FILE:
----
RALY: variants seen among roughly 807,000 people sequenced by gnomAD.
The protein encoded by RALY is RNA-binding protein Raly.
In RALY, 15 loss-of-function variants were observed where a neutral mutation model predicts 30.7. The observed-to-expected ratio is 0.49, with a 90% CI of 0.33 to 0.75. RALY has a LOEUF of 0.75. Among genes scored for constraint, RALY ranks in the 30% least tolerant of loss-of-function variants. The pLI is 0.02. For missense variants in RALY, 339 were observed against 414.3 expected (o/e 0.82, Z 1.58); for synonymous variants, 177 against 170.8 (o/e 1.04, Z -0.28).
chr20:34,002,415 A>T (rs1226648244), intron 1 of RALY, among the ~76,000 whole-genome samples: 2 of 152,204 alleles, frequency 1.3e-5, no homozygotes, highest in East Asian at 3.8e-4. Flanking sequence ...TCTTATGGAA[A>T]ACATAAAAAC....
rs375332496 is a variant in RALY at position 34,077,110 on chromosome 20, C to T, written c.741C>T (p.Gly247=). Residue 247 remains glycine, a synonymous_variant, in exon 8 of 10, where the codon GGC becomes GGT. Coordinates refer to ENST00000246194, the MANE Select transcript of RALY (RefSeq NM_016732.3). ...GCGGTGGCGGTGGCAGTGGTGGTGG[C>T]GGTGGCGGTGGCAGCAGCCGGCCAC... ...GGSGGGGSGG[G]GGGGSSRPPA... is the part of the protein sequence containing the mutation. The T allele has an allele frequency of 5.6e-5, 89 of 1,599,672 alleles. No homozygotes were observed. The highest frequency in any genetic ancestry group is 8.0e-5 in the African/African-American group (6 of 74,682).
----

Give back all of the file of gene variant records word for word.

RALY: variants seen among roughly 807,000 people sequenced by gnomAD.
The protein encoded by RALY is RNA-binding protein Raly.
In RALY, 15 loss-of-function variants were observed where a neutral mutation model predicts 30.7. The observed-to-expected ratio is 0.49, with a 90% CI of 0.33 to 0.75. RALY has a LOEUF of 0.75. Among genes scored for constraint, RALY ranks in the 30% least tolerant of loss-of-function variants. The pLI is 0.02. For missense variants in RALY, 339 were observed against 414.3 expected (o/e 0.82, Z 1.58); for synonymous variants, 177 against 170.8 (o/e 1.04, Z -0.28).
chr20:34,002,415 A>T (rs1226648244), intron 1 of RALY, among the ~76,000 whole-genome samples: 2 of 152,204 alleles, frequency 1.3e-5, no homozygotes, highest in East Asian at 3.8e-4. Flanking sequence ...TCTTATGGAA[A>T]ACATAAAAAC....
rs375332496 is a variant in RALY at position 34,077,110 on chromosome 20, C to T, written c.741C>T (p.Gly247=). Residue 247 remains glycine, a synonymous_variant, in exon 8 of 10, where the codon GGC becomes GGT. Coordinates refer to ENST00000246194, the MANE Select transcript of RALY (RefSeq NM_016732.3). ...GCGGTGGCGGTGGCAGTGGTGGTGG[C>T]GGTGGCGGTGGCAGCAGCCGGCCAC... ...GGSGGGGSGG[G]GGGGSSRPPA... is the part of the protein sequence containing the mutation. The T allele has an allele frequency of 5.6e-5, 89 of 1,599,672 alleles. No homozygotes were observed. The highest frequency in any genetic ancestry group is 8.0e-5 in the African/African-American group (6 of 74,682).